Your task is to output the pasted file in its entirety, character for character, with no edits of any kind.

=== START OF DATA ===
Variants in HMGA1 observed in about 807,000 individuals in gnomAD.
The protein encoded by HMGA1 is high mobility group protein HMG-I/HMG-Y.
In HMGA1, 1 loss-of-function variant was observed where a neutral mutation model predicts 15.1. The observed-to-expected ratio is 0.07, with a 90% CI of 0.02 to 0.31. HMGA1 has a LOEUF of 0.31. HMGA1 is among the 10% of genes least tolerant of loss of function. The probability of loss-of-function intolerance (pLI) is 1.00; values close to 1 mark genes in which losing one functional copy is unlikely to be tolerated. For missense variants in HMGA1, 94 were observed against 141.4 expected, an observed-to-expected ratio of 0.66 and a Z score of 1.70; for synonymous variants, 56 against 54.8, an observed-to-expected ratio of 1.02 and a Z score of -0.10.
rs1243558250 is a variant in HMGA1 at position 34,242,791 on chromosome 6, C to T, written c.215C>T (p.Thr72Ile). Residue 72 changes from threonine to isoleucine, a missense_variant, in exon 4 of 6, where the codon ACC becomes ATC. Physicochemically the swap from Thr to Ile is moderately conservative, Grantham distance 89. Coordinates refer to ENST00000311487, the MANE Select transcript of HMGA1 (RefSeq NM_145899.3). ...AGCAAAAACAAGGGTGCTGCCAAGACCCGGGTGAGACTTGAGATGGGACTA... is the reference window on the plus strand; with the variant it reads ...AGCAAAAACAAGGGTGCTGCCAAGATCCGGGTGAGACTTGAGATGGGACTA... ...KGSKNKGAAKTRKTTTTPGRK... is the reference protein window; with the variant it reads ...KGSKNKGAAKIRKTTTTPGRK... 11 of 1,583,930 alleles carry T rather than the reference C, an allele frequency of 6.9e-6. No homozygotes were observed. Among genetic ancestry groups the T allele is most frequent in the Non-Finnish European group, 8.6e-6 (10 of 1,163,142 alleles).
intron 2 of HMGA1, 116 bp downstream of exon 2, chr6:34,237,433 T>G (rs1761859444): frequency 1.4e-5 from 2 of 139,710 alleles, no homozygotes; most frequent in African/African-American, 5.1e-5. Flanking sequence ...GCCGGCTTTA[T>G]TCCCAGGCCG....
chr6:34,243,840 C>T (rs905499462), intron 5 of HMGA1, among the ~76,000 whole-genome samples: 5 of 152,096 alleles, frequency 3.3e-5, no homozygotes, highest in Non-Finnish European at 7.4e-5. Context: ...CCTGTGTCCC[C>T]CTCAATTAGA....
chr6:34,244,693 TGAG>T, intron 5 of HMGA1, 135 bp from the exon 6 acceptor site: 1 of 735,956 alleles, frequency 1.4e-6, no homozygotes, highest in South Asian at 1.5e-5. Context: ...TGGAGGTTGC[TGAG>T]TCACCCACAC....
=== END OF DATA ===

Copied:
Variants in HMGA1 observed in about 807,000 individuals in gnomAD.
The protein encoded by HMGA1 is high mobility group protein HMG-I/HMG-Y.
In HMGA1, 1 loss-of-function variant was observed where a neutral mutation model predicts 15.1. The observed-to-expected ratio is 0.07, with a 90% CI of 0.02 to 0.31. HMGA1 has a LOEUF of 0.31. HMGA1 is among the 10% of genes least tolerant of loss of function. The probability of loss-of-function intolerance (pLI) is 1.00; values close to 1 mark genes in which losing one functional copy is unlikely to be tolerated. For missense variants in HMGA1, 94 were observed against 141.4 expected, an observed-to-expected ratio of 0.66 and a Z score of 1.70; for synonymous variants, 56 against 54.8, an observed-to-expected ratio of 1.02 and a Z score of -0.10.
rs1243558250 is a variant in HMGA1 at position 34,242,791 on chromosome 6, C to T, written c.215C>T (p.Thr72Ile). Residue 72 changes from threonine to isoleucine, a missense_variant, in exon 4 of 6, where the codon ACC becomes ATC. Physicochemically the swap from Thr to Ile is moderately conservative, Grantham distance 89. Coordinates refer to ENST00000311487, the MANE Select transcript of HMGA1 (RefSeq NM_145899.3). ...AGCAAAAACAAGGGTGCTGCCAAGACCCGGGTGAGACTTGAGATGGGACTA... is the reference window on the plus strand; with the variant it reads ...AGCAAAAACAAGGGTGCTGCCAAGATCCGGGTGAGACTTGAGATGGGACTA... ...KGSKNKGAAKTRKTTTTPGRK... is the reference protein window; with the variant it reads ...KGSKNKGAAKIRKTTTTPGRK... 11 of 1,583,930 alleles carry T rather than the reference C, an allele frequency of 6.9e-6. No homozygotes were observed. Among genetic ancestry groups the T allele is most frequent in the Non-Finnish European group, 8.6e-6 (10 of 1,163,142 alleles).
intron 2 of HMGA1, 116 bp downstream of exon 2, chr6:34,237,433 T>G (rs1761859444): frequency 1.4e-5 from 2 of 139,710 alleles, no homozygotes; most frequent in African/African-American, 5.1e-5. Flanking sequence ...GCCGGCTTTA[T>G]TCCCAGGCCG....
chr6:34,243,840 C>T (rs905499462), intron 5 of HMGA1, among the ~76,000 whole-genome samples: 5 of 152,096 alleles, frequency 3.3e-5, no homozygotes, highest in Non-Finnish European at 7.4e-5. Context: ...CCTGTGTCCC[C>T]CTCAATTAGA....
chr6:34,244,693 TGAG>T, intron 5 of HMGA1, 135 bp from the exon 6 acceptor site: 1 of 735,956 alleles, frequency 1.4e-6, no homozygotes, highest in South Asian at 1.5e-5. Context: ...TGGAGGTTGC[TGAG>T]TCACCCACAC....